In the past few weeks, two things have happened that seem unrelated but lead me to one of the things I wish someone had told me almost 13 years ago: You should maintain a list of companies you have ever worked on, who you worked with, what actions were taken, and how they impacted the project/client. What went right? What went wrong? How did you fix the mistakes? How did the relationship end?
Write it all down. Keep a file on your computer. Keep all the files you are allowed to keep over the years. Back all of that up.
This came from doing two things: updating my LinkedIn list of connections and judging entries for the US Search Awards and the Summer Series here on State of Digital. There are so many great new minds out there and agencies making great impact on client’s successes. The downside is some of them were lacking details.
For LinkedIn, a few failed referrals in the last few years paired with some extra time on my hands meant it was time to remove people I didn’t know. As I crossed paths with former clients, I realized that I could not remember many of the details. I’ve worked with some great people and had some wonderful successes, but if you asked me exact what we did now, I am not sure I could recall. I was lacking the same details!
Maintaining LinkedIn is a task that, while maybe tedious and easily forgotten, can impact multiple very important sections of your career. Having excellent connections, those you know and can provide insights for, can aid in making new connections now and in the future. Being put succinctly, maintaining professional (aka LinkedIn) connections can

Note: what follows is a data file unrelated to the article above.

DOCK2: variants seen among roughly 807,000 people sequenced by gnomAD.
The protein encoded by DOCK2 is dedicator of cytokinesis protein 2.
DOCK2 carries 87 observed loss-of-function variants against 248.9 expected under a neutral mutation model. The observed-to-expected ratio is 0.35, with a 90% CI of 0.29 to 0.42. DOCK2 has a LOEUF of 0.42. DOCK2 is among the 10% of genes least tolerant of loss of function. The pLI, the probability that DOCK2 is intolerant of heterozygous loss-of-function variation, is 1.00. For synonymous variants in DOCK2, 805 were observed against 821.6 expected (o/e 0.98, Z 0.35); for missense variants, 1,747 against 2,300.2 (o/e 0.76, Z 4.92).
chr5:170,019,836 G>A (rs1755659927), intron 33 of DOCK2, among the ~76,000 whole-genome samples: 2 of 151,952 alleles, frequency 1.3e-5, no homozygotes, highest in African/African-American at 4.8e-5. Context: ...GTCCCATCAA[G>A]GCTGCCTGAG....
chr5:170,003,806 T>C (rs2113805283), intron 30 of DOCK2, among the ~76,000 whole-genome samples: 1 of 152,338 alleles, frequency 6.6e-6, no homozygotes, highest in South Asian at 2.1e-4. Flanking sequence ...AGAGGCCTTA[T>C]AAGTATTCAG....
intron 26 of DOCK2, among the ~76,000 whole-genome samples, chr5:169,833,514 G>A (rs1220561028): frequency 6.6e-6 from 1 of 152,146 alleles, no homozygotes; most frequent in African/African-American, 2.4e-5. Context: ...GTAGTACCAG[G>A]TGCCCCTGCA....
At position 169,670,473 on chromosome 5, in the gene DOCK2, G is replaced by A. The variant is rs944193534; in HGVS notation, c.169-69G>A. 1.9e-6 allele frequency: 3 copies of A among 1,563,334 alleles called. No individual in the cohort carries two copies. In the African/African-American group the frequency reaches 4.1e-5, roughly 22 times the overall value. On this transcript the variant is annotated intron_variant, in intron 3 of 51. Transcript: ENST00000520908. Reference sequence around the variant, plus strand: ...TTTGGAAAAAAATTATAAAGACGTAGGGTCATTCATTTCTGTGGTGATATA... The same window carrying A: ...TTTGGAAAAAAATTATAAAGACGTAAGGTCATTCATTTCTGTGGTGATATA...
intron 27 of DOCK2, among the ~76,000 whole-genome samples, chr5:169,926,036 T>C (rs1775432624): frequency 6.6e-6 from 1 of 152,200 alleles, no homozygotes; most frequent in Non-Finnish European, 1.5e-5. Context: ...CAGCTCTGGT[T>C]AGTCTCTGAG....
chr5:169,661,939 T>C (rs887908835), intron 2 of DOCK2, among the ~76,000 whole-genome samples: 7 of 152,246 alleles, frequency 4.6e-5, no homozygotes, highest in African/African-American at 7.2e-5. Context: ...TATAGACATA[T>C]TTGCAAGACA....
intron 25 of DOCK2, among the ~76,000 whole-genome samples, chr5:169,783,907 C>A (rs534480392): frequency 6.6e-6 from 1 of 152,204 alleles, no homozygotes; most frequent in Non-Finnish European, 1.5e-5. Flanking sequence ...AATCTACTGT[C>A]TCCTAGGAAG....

- Provide business leads for you now and in the future.
- Get your name in front of a number of related, influential people to your career.
- Lead to an introduction to a new client or new job.
- Get you out of the “interview” stage of life – what I mean by this is at one point, a well connected person no longer goes through the “typical” interview. With the right contacts and referrals, this could be you.
Here are a few tips to help you maintain your list over the span of your career:
- Add how you met to LinkedIn: When you add people to LinkedIn, and add how you met. This feature is “new” (aka, I’m old and it didn’t exist when I joined) and should be used every time you connect with someone. Trust me, it’ll help later.
- Maintain all files you’ve ever worked on with permission. Keep them organized by company name and back them up in the cloud. That goes for all of your files.
- Changing jobs/clients: Everyone waits until they are looking for a new job to update LinkedIn or their resume. (Hello, indication someone is looking!) Do it all the time. When you complete a big project at work (in-house), when you get a new client, or one leaves your agency. Pick one place to update. LinkedIn, your own website, or your resume. When the time comes, you can copy over the information.
- Calendar Reminder: Set a twice a year calendar invite to update this information. If you forget, this will remind you.
This might seem so easy, so logical, but how many of you do this right now? It’s like keeping up with receipts for business expenses. You always mean to and then don’t. Keeping up with these kinds of details make interviews for jobs, pitches to clients, and your resume so much easier. If you are young or new to this career, please start now. If you have been doing this for a while, dedicate some time before the new year, maybe in the December lull, to sit down and hash it all out. Who knows, doing this might reconnect you with past clients and partners that could be the door to a new opportunity now.